Lin-Manuel Miranda has apologized for the casting of In the Heights. Critics have noted that only light-skinned actors were cast as the stars, while dark-skinned actors made up the backup parts. One Black character, Benny, is played by non-Latinx actor Corey Hawkins.
Miranda apologized, writing: “I hear that, without sufficient dark-skinned Afro-Latino representation, the world feels extractive of the community we wanted so much to represent with pride and joy. In trying to paint a mosaic of this community, we fell short. I'm truly sorry.”
He continued: “I started writing In The Heights because I didn't feel seen. And over the past 20 years all I wanted was for us – ALL of us – to feel seen. I'm seeing the discussion around Afro-Latino representation in our film this weekend, and it is clear that many in our dark-skinned Afro-Latino community don't feel sufficiently represented within it, particularly among the leading roles. I can hear the hurt and frustration over colorism, of feeling unseen in the feedback. I hear that, without sufficient dark-skinned Afro-Latino representation, the world feels extractive of the community we wanted so much to represent with pride and joy.”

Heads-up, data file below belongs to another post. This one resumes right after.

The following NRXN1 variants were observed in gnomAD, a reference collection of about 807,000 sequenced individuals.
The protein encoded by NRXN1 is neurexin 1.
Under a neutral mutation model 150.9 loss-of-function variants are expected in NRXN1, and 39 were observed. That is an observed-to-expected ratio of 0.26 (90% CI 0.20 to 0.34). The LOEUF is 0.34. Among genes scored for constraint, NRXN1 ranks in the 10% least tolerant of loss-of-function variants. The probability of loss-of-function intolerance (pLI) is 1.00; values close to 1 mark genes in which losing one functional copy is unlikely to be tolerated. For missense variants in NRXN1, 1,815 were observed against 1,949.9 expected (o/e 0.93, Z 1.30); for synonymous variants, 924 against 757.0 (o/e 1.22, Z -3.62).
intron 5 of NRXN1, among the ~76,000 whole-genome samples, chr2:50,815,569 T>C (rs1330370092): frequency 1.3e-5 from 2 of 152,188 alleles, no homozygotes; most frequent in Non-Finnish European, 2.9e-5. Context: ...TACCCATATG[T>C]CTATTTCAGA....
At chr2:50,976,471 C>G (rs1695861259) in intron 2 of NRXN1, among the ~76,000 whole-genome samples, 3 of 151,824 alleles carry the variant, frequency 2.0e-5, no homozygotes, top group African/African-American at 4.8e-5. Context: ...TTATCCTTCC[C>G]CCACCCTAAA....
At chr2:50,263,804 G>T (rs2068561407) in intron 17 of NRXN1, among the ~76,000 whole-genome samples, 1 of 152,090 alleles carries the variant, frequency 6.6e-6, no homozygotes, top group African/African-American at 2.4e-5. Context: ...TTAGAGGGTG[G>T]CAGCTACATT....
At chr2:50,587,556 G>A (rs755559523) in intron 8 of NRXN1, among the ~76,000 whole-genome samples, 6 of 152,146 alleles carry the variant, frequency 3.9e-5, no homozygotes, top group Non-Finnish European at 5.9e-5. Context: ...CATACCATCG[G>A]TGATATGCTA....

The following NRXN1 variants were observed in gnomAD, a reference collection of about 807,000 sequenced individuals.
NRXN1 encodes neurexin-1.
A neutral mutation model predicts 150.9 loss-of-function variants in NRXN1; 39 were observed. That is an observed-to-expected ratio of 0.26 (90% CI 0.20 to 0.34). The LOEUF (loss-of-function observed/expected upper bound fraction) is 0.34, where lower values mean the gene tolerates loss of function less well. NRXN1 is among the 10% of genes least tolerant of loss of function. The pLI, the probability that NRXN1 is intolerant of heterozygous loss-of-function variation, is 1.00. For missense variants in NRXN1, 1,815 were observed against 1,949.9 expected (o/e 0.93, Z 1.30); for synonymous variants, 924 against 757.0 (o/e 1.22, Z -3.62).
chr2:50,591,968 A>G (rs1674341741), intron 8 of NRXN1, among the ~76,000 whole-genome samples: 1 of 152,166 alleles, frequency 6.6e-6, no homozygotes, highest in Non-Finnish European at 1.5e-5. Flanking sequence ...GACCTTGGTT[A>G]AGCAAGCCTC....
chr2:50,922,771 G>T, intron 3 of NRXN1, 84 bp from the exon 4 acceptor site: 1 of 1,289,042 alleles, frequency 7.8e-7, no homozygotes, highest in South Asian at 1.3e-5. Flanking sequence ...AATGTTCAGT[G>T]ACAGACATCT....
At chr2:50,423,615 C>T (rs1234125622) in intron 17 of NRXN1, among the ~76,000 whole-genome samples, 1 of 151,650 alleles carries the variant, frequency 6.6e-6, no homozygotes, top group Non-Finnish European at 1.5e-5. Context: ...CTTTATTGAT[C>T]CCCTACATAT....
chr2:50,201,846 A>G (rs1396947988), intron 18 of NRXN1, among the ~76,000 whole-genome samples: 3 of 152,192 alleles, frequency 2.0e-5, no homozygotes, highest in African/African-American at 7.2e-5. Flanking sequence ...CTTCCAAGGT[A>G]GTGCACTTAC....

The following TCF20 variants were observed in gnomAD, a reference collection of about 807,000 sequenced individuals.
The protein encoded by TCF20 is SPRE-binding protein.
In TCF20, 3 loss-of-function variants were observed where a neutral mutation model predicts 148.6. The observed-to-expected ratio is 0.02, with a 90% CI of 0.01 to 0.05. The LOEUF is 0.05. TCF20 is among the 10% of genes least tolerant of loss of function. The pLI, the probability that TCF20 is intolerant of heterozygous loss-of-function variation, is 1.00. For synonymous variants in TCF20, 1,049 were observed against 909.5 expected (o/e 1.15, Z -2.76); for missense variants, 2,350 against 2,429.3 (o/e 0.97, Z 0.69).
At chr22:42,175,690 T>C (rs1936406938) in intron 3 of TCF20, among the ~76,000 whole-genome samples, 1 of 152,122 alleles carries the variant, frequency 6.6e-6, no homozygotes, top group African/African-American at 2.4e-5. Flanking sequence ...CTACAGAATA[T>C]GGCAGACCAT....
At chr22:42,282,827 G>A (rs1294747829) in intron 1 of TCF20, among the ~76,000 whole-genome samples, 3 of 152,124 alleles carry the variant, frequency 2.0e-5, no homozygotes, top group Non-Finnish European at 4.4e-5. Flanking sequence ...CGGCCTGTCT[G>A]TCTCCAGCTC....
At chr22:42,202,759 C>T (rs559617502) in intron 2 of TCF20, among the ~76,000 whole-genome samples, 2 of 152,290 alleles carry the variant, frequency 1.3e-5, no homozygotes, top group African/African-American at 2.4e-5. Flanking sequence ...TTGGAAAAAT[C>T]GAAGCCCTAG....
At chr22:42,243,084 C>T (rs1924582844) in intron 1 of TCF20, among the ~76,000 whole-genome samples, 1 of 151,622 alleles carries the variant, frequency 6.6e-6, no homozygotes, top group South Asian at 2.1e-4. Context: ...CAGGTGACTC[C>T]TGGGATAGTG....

The film version of his hit Broadway musical, directed by Jon M. Chu, is set in NYC’s Washington Heights.
Miranda wrote: “In trying to paint a mosaic of this community, we fell short. I'm truly sorry. I'm learning from the feedback, I thank you for raising it, and I'm listening. I'm trying to hold space for both the incredible pride in the movie we made and be accountable for our shortcomings. Thank you for your honest feedback. I promise to do better in my future projects, and I'm dedicated to the learning and evolving we all have to do to make sure we are honoring our diverse and vibrant community. Siempre, LMM.”
Many on Twitter applauded his honesty, and pointed out that he’d done a lot for representation in Hamilton.
Ana Navarro-Cardenas also called for empathy, writing: “There’s justified pent up frustration in Latino community. For so long, we’ve felt under-represented and unseen in media. But, can we recognize @Lin_Manuel is a good, decent guy who’s done much to open doors for all sorts of POC on Broadway & Hollywood. Cut the guy some slack.”
But others were less convinced. One user tweeted: “I also don’t think it’s wrong to demand more from Lin-Manuel Miranda. You can be both, grateful and disappointed, in artists and their works. It doesn’t erase his previous contributions or his advocacy.”